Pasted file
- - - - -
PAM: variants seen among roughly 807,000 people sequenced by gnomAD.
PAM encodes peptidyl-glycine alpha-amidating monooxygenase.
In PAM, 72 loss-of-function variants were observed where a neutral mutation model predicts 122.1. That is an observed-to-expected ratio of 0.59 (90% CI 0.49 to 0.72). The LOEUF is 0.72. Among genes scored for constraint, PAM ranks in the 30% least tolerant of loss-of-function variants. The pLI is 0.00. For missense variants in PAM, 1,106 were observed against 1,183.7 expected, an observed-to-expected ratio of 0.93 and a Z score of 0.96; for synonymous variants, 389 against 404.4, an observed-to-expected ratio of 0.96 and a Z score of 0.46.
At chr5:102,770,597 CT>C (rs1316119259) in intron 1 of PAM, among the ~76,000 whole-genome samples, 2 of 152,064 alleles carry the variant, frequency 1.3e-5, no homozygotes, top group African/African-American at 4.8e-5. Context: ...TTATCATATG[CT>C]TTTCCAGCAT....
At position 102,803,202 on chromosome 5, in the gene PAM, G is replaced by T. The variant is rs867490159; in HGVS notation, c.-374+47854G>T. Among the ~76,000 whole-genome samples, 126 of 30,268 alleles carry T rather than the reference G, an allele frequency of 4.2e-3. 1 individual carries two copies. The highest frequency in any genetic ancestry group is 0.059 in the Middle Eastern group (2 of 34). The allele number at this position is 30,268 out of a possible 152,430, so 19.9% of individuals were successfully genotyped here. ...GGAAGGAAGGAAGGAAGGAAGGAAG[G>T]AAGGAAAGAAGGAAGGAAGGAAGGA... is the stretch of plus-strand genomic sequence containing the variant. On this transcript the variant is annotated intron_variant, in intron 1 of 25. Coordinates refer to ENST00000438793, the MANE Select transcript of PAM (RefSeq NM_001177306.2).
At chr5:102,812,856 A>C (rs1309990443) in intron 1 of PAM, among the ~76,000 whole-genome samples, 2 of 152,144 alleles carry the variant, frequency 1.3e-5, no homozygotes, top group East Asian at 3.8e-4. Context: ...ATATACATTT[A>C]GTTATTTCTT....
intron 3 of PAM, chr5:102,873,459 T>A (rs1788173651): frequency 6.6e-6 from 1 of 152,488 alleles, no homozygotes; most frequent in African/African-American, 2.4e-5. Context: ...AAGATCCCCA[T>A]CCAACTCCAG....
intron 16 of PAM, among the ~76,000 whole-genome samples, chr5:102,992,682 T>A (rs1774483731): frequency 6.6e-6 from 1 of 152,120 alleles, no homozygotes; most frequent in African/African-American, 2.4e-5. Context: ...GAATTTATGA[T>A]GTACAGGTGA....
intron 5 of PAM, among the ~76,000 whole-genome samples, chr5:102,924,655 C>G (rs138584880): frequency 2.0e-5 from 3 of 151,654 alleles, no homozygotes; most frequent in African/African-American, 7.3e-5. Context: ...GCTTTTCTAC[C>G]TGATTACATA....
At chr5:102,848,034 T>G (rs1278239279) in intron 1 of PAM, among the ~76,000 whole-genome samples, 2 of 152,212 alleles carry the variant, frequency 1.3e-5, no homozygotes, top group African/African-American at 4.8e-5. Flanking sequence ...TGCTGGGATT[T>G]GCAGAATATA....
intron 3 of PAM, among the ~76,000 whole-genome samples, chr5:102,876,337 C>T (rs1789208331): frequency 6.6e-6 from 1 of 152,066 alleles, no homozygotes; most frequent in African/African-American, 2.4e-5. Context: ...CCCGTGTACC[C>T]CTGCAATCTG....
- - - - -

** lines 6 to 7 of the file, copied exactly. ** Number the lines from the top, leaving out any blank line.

At chr5:102,812,856 A>C (rs1309990443) in intron 1 of PAM, among the ~76,000 whole-genome samples, 2 of 152,144 alleles carry the variant, frequency 1.3e-5, no homozygotes, top group East Asian at 3.8e-4. Context: ...ATATACATTT[A>C]GTTATTTCTT....
intron 3 of PAM, chr5:102,873,459 T>A (rs1788173651): frequency 6.6e-6 from 1 of 152,488 alleles, no homozygotes; most frequent in African/African-American, 2.4e-5. Context: ...AAGATCCCCA[T>A]CCAACTCCAG....